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India's entry into chip equipment manufacturing a masterstroke, says Fab Economics CEO

Daniel Nenni

Staff member

Fab Economics CEO Danish Faruqui spoke to BT about the opportunities for India with WFE manufacturing and much more​

Fab Economics CEO Danish Faruqui

Fab Economics CEO Danish

India might be late in bringing semiconductor manufacturing and packaging plants to its shores, but it isn’t simply copying what some other nations, such as China, did three decades ago. Instead, along with semiconductor foundries and testing and packaging plants, India is aiming to bring semiconductor wafer fab equipment (WFE) manufacturing in-house, which is currently restricted to a select few nations. Danish Faruqui, CEO of Fab Economics, a US-based boutique semiconductor Fab/ATMP/OSAT Greenfield projects advisory, talks to Business Today about how semiconductor WFE manufacturing in India is a masterstroke based on the geopolitics of semiconductors.

What is the importance of semiconductor WFE manufacturing in India?
We see India’s proactive inclusion of semiconductor WFE manufacturing as part of India’s semiconductor decadal roadmap as not only existential for the domestic semiconductor ecosystem but a masterstroke by India based on global geopolitics and the geoeconomics of semiconductors. Minister Ashwani Vaishnaw just announced the inclusion of WEF manufacturing in the India Semiconductor Vision.

WFE is the most important success factor for building a fab and is also the largest component of fab capex. With the entire world reeling under the constrained supply of WFE, which has a delivery lead time of multiple years in some cases, it is indeed imperative to include semiconductor WFE manufacturing as part of the decadal semiconductor roadmap of India.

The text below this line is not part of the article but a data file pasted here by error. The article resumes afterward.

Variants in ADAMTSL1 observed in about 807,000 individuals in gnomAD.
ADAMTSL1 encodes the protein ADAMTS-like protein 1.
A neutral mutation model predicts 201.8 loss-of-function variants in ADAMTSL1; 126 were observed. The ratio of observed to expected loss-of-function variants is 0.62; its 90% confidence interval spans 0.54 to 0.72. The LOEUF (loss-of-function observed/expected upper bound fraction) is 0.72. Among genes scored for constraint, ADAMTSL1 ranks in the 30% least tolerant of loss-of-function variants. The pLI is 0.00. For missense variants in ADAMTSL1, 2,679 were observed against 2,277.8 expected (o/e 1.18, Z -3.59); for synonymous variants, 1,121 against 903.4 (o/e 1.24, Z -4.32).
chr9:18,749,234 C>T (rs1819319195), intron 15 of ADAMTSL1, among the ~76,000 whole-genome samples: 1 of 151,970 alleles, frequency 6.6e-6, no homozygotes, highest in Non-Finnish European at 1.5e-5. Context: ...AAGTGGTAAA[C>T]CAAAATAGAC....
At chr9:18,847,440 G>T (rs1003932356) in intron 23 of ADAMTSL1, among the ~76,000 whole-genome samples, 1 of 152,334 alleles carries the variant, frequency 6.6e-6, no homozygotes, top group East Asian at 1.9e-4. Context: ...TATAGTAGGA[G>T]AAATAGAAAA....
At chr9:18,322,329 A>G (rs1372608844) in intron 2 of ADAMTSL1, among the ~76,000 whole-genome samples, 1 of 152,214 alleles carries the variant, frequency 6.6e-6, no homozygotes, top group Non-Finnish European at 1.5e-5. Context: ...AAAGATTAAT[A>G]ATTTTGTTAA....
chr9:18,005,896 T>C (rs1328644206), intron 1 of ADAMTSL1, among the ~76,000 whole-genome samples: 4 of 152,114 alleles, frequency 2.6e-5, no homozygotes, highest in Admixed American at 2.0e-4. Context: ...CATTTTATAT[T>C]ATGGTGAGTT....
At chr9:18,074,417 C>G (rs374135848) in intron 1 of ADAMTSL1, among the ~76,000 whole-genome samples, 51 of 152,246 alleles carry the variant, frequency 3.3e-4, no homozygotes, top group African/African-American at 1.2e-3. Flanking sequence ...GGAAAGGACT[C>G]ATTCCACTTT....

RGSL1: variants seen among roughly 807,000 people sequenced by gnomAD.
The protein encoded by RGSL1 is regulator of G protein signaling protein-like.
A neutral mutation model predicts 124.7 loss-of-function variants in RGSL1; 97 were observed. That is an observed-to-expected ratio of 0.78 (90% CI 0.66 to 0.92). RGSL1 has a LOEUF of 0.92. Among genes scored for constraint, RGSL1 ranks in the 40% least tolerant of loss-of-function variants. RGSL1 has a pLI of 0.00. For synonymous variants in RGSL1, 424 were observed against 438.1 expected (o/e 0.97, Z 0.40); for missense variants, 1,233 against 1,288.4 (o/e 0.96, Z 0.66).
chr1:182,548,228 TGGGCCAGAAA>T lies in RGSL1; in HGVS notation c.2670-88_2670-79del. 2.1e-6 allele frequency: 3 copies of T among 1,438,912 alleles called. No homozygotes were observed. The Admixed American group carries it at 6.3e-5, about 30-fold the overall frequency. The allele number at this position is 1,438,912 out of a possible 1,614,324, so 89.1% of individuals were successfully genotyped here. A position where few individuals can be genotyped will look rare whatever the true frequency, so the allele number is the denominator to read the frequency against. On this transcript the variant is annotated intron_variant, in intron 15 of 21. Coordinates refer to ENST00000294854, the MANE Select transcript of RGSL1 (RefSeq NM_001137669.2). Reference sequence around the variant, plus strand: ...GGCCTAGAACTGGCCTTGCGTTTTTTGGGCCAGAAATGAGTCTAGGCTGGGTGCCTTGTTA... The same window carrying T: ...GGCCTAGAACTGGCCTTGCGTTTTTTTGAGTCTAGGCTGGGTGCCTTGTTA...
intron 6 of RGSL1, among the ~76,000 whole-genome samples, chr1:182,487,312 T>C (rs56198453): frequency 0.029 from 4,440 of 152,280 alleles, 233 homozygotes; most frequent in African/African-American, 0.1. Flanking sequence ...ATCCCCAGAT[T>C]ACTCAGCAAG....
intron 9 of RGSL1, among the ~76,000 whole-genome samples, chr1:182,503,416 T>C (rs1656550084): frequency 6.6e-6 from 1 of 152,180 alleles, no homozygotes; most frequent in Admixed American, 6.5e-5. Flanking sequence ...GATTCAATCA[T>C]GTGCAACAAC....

On the other hand, India has played a masterstroke with the WFE announcement, leveraging the geopolitics and geoeconomics of semiconductors.

Many across the world have cited India’s foray into semiconductors as a copy of China's approach and described it as “China 30 years ago,” but with the recent announcement, India has taken a completely different approach than China and applied lessons from China’s cardinal mistake in setting up a domestic semiconductor ecosystem.

China built its semiconductor chip manufacturing and packaging ecosystem as a strategic priority with the continuous pouring of multi-billion dollars every year for the past two decades, while it missed sizeable investments in domestic semiconductor WFE manufacturing as it mostly relied on the US, EU, and Korea for semiconductor manufacturing equipment to fuel its semiconductor chip manufacturing and packaging ecosystem.

As US-Beijing tensions have escalated in the past few years, they have resulted in a series of targeted sanctions by the US to stranglehold and choke China’s semiconductor ecosystem by not only implementing targeted sanctions on advanced technology fabrication services access for China but also blocking the sale of WFE to China as well. China never planned for sanctions on WFE supply, and now that has emerged as a major choke point for its domestic semi-ecosystem growth.

India, on the other hand, is attempting to include domestic WFE manufacturing from the get-go, a marked difference from China’s semiconductor strategy.

Can you elaborate on the geo-economics and how India benefits from it?

As per the US Department of Commerce, sanctions on both semiconductor WFE supply to China (dictated by process technology thresholds) and WFE domestic manufacturing in China by global WFE suppliers like AMAT, LAM, KLA, TEL, ASML, etc. are blocked under the Foreign Direct Product Rule. The US has blocked China from domestically producing semiconductor manufacturing equipment, either by its domestic companies or global WFE players, by choking off access to US-built components.

However, from the TCO (total cost of ownership) of WFE manufacturing perspective, the geo-economics of manufacturing WFE in China are exceedingly favorable as compared to Western nations.

As per Fab Economics R&A, that difference in balance could be as high as 50% in favor of China compared to specific Western world regions. However, with the US sanctions in place, global WFE suppliers are precluded from leveraging such lucrative geoeconomics in China.